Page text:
My Name is John and I Am a Sex Addict. (Or Maybe Not)

My Name is John and I Am a Sex Addict. (Or Maybe Not)



Is it or isn’t it? A new study undermines the theory that sex addiction is a brain-based disorder similar to other addictions.

For most of the public, the concept of addiction is pretty straightforward— it involves taking something, or doing something, that brings you pleasure and that you can’t control. But scientifically, addiction means something much more specific, if not precisely quantifiable.

For much of the 20th century, psychiatrists and lay people defined addictions as use of substances or behaviors that required ever-increasing doses to maintain a satisfying “high.” These addictions also conspired to form some type of physiologic dependence, which led to physical symptoms such as vomiting and diarrhea when the addictive substance or activity was stopped.

But these criteria failed to capture the compulsive quality of addiction, or the craving that drives relapse long after withdrawal symptoms have dissipated. So today’s expert consensus — as laid out in the psychiatric community’s Diagnostic and Statistical Manual of Mental Disorders (DSM) —defines both substance and behavioral addictions, such as gambling, as compulsive behaviors that interfere with normal functioning and continue despite negative consequences.

By that definition, excessive sexual behavior also qualifies as an addiction, and a study published last year found that applying these criteria did indeed distinguish people with sex addictions from those with other psychiatric problems.  However, the editors of the latest edition of DSM 5 didn’t believe there was enough evidence to support defining hypersexuality as an addiction, and decided not to define it as such in the new volume.

At issue is the broader question of what makes behaviors addictive. Since compulsive behavior may have roots in how the brain interprets rewarding or satisfying behaviors, Nicole Prause, a research scientist at the University of California in Los Angeles and her colleagues decided to start with brain wave activity to better understand the nature of compulsive sexual behavior.

They studied 39 men and 13 women, all of whom met criteria for hypersexuality, who responded to ads for a study involving people who had trouble controlling their use of pornography. Each of the participants agreed to have their brain activity measured via a non-invasive electroencephalogram (EEG) while they looked at pictures ranging from pleasant images of couples caressing to sexually explicit scenes, as well as both pleasant and disturbing images of non-sexual activities. Prior to the brain wave tests, they also completed questionnaires to assess their levels of compulsiveness and control over their sexual impulses.

The researchers focused on brain wave patterns that occurred about 300 milliseconds after the participants viewed an image, or p300, which measured how interesting or attractive they found that picture. Previous work involving p300 with drug addicts showed that drug-related pictures were far more compelling than other depictions.  Finding similar surges in p300 after the participants viewed sexually explicit images would suggest that excessive sexual activity, like some drug use, might be addictive.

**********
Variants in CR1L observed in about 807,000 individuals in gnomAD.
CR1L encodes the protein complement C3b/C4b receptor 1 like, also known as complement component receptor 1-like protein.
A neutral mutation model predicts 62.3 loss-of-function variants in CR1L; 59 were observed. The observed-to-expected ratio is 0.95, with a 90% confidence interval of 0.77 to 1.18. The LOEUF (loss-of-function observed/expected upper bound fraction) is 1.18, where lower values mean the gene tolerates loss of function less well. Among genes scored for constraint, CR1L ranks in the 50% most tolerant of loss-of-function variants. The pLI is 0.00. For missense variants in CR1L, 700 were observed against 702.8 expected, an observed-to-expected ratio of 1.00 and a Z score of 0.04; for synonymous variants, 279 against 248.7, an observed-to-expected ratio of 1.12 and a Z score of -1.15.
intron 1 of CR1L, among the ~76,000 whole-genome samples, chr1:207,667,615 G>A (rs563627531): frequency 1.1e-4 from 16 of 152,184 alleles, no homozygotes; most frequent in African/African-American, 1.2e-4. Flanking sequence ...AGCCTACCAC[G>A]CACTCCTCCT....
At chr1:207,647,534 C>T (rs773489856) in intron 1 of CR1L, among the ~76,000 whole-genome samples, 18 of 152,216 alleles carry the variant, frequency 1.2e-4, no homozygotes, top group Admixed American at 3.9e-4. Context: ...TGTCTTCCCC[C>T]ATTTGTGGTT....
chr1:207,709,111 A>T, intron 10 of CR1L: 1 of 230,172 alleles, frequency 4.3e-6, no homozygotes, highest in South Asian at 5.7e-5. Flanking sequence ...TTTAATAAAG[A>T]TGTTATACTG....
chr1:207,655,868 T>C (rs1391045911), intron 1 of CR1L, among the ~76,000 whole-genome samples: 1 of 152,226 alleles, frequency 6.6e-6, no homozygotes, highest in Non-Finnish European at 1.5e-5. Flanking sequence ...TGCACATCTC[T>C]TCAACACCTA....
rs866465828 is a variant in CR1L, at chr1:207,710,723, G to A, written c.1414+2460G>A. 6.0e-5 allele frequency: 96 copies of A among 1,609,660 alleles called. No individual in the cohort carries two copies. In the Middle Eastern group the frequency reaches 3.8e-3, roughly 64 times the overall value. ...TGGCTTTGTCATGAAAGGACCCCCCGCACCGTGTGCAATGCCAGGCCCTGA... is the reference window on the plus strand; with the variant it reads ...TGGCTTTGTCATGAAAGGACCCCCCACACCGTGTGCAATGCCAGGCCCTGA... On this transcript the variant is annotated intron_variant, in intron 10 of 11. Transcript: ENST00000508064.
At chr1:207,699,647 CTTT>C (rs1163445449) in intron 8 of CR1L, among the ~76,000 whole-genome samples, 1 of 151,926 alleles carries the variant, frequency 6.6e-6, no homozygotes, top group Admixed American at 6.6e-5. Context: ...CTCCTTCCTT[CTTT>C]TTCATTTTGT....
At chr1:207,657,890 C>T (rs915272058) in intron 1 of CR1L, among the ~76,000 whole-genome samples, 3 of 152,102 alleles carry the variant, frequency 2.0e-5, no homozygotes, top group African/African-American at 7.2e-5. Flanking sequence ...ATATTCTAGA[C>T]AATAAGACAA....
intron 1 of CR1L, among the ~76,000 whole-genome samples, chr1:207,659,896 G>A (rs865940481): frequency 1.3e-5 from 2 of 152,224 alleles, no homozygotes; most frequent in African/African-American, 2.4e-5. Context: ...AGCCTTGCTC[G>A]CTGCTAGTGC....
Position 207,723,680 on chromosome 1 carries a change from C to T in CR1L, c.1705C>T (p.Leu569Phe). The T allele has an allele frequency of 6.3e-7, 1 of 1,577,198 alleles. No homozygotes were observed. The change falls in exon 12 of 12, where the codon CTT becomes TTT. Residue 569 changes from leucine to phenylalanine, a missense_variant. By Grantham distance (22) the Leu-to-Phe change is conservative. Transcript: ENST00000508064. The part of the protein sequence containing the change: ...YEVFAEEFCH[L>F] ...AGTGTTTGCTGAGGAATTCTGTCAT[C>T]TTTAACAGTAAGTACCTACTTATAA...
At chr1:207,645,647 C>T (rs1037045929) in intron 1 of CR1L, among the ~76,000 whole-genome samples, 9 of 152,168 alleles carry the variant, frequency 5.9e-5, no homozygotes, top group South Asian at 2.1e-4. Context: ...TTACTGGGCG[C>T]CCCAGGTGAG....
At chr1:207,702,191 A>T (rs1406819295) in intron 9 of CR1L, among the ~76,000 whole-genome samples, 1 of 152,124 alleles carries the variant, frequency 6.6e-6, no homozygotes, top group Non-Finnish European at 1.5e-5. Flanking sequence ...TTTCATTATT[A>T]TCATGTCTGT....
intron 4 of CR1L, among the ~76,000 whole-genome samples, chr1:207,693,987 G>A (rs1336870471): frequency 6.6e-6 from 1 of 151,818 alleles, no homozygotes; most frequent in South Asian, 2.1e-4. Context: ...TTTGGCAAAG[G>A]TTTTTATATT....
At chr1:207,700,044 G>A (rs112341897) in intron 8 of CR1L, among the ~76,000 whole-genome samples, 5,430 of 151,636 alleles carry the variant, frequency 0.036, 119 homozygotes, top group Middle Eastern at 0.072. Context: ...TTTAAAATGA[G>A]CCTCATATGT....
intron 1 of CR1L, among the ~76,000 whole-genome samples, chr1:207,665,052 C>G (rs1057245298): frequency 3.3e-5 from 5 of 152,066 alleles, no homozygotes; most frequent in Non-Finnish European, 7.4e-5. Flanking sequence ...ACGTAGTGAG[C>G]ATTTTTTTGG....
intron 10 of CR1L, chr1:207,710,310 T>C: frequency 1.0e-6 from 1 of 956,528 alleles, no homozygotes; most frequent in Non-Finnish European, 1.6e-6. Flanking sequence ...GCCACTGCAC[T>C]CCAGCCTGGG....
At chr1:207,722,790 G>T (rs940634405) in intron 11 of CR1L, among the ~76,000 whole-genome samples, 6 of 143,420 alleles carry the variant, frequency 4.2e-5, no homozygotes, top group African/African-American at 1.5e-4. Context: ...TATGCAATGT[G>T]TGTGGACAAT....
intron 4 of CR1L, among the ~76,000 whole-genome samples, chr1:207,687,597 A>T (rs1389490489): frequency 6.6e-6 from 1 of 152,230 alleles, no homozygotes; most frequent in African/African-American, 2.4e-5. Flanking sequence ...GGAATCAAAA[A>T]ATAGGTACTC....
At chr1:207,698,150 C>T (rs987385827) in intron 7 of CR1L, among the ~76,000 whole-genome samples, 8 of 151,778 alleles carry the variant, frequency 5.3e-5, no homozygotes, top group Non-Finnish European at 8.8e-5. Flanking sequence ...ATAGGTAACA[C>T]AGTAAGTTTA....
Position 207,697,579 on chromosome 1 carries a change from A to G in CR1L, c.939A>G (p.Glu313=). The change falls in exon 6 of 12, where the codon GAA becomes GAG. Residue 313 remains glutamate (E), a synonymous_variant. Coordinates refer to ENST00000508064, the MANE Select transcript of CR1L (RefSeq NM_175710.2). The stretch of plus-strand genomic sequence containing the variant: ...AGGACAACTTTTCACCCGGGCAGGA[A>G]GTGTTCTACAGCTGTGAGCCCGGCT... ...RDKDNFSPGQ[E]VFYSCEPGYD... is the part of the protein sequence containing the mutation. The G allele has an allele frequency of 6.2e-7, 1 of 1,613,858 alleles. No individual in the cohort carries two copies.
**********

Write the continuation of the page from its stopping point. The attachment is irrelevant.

Instead, however, Prause and her colleagues found tolerance — unlike drug addicts, the sex addicts in this study didn’t find the sexual cues more compelling than other images. “They look just like normal people with high sex drive,” says Prause, “People who write about sex addiction would say, ‘It’s not just high drive: they are out of control, they can’t stop and their brains are [changed.]’ We just don’t see any evidence for them being different.”

That doesn’t mean that excessive or compulsive sexual behavior can’t be seriously problematic. “I don’t think this means that they don’t deserve help or are faking or just being jerks,” she says.  But she thinks adding the label “addiction” could pathologize normal variation and induce pessimism. “I don’t know that we need the overlay of addiction,” she says.

Rory Reid, a research psychologist at UCLA and a colleague of Prause who was not associated with the study, believes the results don’t close the door on the idea of sex addiction or on hypersexual disorder as a diagnosis. Reid was a principal investigator in research that suggested that the criteria for hypersexual disorder qualify it for a psychiatric diagnosis.

He says that the lack of an association between p300 and measures of sexual compulsion isn’t enough to discredit the idea that it’s a brain disorder. “We can’t really assert that,” he says. Just because p300 doesn’t vary in relation to symptoms like loss of control doesn’t mean that other signals, which Prause’s group did not measure, would not. Reid also suggests that Prause’s participants, who were not in rehab programs, may not have been as severely affected as patients in treatment— and that the images used may not have been extreme enough to generate extra interest the way drug images do in addiction.

Why is it so important to determine whether hypersexuality is an addiction? Reid believes it may be more of a research issue than one that has clinical merit, at least for now. “For the patient who comes in after his third job loss because he can’t stop masturbating to porn at work, he doesn’t care what we call it:  he just wants to know how to change and function more adaptively,” Reid says.

But determining if common brain pathways are responsible for sexual compulsion and drug addiction could lead to more effective ways of treating sexual desires that start to interfere with daily life. If sexual addiction is similar to cocaine addiction, for instance, the same medications or talk therapies might be useful and the same brain areas could be targeted for treatment.

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